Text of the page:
on the trunk or main branches, containing many orange seeds, about 1 cm, buried in spongy pulp
of the fruit. The outer surface is covered with rough pointed outgrowths. The fruit attains 40 cm
in diameter and weighs 8-14 kg (Orwa et al 2009).
Based on detailed field observations, 3 varieties have been recognized, which are: T. africana
var. africana, T. africana var. inversa and T. africana var. Mollis (Chris Chinaka, 1998). Their
taxonomic differences are based mainly on the size of the fruit head (infructence) and the
hairiness of branchlets and leaves. There is a striking variation in the number of fruit heads
produced by trees belonging to T. african var. africana (with large fruit heads) and T. African
var.inversa (with small fruit heads). The former is clearly superior in the weight of seeds
produced while the latter produces more fruit and also produces twice as many branches
(Nwokolo, 1987; Omobuwajo et al., 1999; Orwa et al 2009).
Treculiaafricanaand other forest food plants like Pentachlethramacrophylla (oil bean seed),
Dacryodesedulis are of high nutritional value which needs to be introduced or added to our food
materials consumed (Edet et al., 1985; Nwokolo, 1987). The importance attached to them is due
to the fact that many of them are usually available at strategic period of the year when annual
crops that are difficult to store are unavailable or scarce (Okafor, 1978).
Despite the socio-economic importance of Treculiaafricana to a very large population of the
people of southern Nigeria, it is still a protected crop and a semi domesticated species. Increase
in human population and agricultural practices have put pressure on the forest thereby depleting
some genetic resources, Treculiaafricana being a good example. To prevent total loss or
extinction of important forest food tree species, especially those that are endangered, they must
be cultivated more intensely (Baiyeri, 2003; Ugwunze, 2003).
While seed germination and plant growth are regulated internally, they are greatly influenced by
external conditions such as the intensity and duration of light and temperature. Aside from its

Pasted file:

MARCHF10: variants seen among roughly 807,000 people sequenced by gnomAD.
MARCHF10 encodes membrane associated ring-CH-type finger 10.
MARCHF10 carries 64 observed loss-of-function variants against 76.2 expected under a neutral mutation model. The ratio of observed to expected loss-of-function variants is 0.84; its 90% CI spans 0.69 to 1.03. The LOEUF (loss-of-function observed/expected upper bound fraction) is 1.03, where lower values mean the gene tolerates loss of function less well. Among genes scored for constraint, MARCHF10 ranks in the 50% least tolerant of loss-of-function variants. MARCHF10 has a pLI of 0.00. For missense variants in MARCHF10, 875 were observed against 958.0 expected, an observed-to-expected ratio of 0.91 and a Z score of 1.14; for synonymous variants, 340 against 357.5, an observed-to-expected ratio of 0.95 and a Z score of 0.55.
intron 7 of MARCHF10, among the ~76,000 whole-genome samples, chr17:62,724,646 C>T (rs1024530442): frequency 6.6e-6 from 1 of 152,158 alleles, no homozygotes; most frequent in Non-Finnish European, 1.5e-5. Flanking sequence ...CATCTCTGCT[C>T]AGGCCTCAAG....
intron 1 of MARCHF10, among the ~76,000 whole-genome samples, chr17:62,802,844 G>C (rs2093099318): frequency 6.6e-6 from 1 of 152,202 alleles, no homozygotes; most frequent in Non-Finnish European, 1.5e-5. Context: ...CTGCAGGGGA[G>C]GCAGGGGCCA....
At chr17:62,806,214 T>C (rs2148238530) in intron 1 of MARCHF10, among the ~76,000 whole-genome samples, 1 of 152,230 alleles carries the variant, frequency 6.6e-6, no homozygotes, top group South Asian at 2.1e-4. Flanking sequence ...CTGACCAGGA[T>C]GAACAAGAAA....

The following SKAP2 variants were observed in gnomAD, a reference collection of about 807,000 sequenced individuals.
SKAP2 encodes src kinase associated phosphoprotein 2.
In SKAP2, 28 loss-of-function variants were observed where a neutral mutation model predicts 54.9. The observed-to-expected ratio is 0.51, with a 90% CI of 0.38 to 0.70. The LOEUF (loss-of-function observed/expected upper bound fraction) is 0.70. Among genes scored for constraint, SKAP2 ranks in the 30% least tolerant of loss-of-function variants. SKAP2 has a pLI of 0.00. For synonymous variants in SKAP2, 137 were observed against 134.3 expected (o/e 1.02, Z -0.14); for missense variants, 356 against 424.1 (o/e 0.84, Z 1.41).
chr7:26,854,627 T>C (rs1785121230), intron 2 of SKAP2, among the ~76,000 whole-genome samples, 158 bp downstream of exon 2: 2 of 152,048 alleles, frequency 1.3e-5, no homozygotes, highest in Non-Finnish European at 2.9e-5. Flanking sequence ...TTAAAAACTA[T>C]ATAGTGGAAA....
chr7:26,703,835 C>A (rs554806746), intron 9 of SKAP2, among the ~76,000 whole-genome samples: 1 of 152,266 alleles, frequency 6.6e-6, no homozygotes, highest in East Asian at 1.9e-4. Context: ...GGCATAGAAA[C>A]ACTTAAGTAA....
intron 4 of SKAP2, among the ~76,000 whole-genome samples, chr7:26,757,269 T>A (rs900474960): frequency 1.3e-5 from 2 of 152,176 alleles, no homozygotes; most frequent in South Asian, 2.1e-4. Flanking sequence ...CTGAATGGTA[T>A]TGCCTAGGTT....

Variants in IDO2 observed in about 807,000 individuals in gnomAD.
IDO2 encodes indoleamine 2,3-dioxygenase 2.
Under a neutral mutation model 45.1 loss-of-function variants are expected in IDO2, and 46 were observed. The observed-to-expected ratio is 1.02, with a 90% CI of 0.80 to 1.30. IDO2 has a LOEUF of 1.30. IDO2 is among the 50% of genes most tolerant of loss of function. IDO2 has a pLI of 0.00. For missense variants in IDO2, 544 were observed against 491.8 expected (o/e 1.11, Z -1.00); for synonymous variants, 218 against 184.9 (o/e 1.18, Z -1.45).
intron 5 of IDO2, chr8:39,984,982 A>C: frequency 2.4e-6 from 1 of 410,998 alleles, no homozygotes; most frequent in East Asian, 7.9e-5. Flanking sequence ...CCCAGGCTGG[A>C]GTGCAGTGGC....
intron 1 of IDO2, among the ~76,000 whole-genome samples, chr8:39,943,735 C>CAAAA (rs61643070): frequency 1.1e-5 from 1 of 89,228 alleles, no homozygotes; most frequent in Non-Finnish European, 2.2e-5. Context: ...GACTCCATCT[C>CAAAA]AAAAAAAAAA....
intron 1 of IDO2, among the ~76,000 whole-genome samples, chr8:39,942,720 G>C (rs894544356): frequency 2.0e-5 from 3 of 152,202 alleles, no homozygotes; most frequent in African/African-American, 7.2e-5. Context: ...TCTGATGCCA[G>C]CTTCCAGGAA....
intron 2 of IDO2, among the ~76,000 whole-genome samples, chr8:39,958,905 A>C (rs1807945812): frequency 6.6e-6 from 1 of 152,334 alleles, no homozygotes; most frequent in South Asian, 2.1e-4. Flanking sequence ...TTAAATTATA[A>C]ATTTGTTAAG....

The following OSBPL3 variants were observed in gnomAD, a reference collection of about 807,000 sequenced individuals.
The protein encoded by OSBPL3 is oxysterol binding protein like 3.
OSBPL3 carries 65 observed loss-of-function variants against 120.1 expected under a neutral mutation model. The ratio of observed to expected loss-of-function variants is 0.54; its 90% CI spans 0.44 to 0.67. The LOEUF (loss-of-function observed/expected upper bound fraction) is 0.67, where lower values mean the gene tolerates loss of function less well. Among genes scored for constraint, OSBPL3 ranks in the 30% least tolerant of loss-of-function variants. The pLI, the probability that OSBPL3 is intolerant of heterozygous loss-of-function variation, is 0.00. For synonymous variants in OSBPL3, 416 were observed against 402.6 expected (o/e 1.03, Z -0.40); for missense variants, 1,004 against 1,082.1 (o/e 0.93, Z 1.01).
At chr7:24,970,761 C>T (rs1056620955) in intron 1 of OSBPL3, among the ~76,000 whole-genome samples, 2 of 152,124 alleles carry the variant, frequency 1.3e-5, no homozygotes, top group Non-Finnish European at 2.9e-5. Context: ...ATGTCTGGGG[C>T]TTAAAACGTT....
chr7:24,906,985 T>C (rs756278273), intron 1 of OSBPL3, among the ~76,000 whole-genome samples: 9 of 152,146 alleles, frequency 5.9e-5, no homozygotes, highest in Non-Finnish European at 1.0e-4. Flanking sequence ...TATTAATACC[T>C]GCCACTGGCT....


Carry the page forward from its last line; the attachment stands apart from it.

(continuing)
effect through photosynthesis, light influences the growth of individual organs or of the entire
plant in less direct ways. The most striking effect can be seen between a plant grown in normal
light and the same kind of plant grown in partial darkness or total darkness. The plant grown in
the partial dark or total dark will have a tall and spindling stem. The leaves fail to expand, and
both leaves and stem, lacking chlorophyll, are pale yellow. Such a plant is said to be etiolated
(Dennis Holley, 2009)
Both the intensity and duration (length) of light may have different and characteristic effects
upon plant growth and development. It has been found that the length of the daylight period may
have a striking effect upon vegetative growth and reproductive activities of plants. The reaction
of plants in relation to the length of the day is called photoperiodism(Dennis Holley, 2009)
This study is carried out to investigate how Treculiaafricanaseeds and seedlings respond to
various light intensities and to also monitor the early growth characteristics and habits of the
seedlings of the species under three different light intensities using three screen houses, which
are compared with the performance of seeds and seedlings of the species sown and planted under
open nursery condition as well as under forest canopy.
1.2 STATEMENT OF PROBLEM
Despite the economic, nutritional, cultural and social importance of Treculiaafricana, especially to
rural dwellers that depend on them, ithas been greatly neglected, especially with respect to their
regeneration. The yield of current crop of trees is decreasing due to old age and the fact that it has
been harvested for decades. Thus, if the current practice of allowing T. africana to grow in the wild
is allowed to continue without deliberate silvicultural interventions, the probability of obtaining its